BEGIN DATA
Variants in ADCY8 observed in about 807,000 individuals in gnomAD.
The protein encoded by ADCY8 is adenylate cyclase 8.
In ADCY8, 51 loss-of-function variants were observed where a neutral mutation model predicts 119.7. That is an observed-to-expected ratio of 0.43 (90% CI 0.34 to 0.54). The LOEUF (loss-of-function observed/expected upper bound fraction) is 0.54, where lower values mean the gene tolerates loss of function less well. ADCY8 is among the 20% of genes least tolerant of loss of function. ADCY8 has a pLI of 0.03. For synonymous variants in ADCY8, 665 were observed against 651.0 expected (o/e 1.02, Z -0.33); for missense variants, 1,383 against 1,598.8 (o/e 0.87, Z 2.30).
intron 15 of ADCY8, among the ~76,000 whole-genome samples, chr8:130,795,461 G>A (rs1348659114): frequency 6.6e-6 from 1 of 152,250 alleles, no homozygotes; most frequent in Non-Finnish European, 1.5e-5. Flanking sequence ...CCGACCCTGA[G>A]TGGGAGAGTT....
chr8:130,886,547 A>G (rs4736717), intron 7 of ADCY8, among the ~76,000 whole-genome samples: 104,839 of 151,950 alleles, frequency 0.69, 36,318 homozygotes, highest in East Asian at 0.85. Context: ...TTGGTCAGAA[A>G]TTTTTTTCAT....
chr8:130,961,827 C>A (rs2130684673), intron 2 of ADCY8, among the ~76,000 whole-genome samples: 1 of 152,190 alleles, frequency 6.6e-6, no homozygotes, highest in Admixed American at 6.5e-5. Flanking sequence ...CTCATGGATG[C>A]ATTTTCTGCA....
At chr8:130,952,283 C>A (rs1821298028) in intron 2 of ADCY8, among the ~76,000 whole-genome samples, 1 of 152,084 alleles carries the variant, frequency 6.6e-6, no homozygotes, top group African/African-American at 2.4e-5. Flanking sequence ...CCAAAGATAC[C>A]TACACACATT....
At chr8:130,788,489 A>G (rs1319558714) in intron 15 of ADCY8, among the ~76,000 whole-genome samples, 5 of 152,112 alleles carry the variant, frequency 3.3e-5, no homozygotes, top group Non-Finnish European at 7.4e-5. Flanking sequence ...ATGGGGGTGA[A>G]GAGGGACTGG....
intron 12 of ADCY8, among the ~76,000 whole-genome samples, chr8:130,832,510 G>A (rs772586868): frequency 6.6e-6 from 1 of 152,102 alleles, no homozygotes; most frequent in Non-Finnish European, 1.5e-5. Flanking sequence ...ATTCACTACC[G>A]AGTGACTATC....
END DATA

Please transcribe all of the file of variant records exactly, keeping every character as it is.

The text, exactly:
Variants in ADCY8 observed in about 807,000 individuals in gnomAD.
The protein encoded by ADCY8 is adenylate cyclase 8.
In ADCY8, 51 loss-of-function variants were observed where a neutral mutation model predicts 119.7. That is an observed-to-expected ratio of 0.43 (90% CI 0.34 to 0.54). The LOEUF (loss-of-function observed/expected upper bound fraction) is 0.54, where lower values mean the gene tolerates loss of function less well. ADCY8 is among the 20% of genes least tolerant of loss of function. ADCY8 has a pLI of 0.03. For synonymous variants in ADCY8, 665 were observed against 651.0 expected (o/e 1.02, Z -0.33); for missense variants, 1,383 against 1,598.8 (o/e 0.87, Z 2.30).
intron 15 of ADCY8, among the ~76,000 whole-genome samples, chr8:130,795,461 G>A (rs1348659114): frequency 6.6e-6 from 1 of 152,250 alleles, no homozygotes; most frequent in Non-Finnish European, 1.5e-5. Flanking sequence ...CCGACCCTGA[G>A]TGGGAGAGTT....
chr8:130,886,547 A>G (rs4736717), intron 7 of ADCY8, among the ~76,000 whole-genome samples: 104,839 of 151,950 alleles, frequency 0.69, 36,318 homozygotes, highest in East Asian at 0.85. Context: ...TTGGTCAGAA[A>G]TTTTTTTCAT....
chr8:130,961,827 C>A (rs2130684673), intron 2 of ADCY8, among the ~76,000 whole-genome samples: 1 of 152,190 alleles, frequency 6.6e-6, no homozygotes, highest in Admixed American at 6.5e-5. Flanking sequence ...CTCATGGATG[C>A]ATTTTCTGCA....
At chr8:130,952,283 C>A (rs1821298028) in intron 2 of ADCY8, among the ~76,000 whole-genome samples, 1 of 152,084 alleles carries the variant, frequency 6.6e-6, no homozygotes, top group African/African-American at 2.4e-5. Flanking sequence ...CCAAAGATAC[C>A]TACACACATT....
At chr8:130,788,489 A>G (rs1319558714) in intron 15 of ADCY8, among the ~76,000 whole-genome samples, 5 of 152,112 alleles carry the variant, frequency 3.3e-5, no homozygotes, top group Non-Finnish European at 7.4e-5. Flanking sequence ...ATGGGGGTGA[A>G]GAGGGACTGG....
intron 12 of ADCY8, among the ~76,000 whole-genome samples, chr8:130,832,510 G>A (rs772586868): frequency 6.6e-6 from 1 of 152,102 alleles, no homozygotes; most frequent in Non-Finnish European, 1.5e-5. Flanking sequence ...ATTCACTACC[G>A]AGTGACTATC....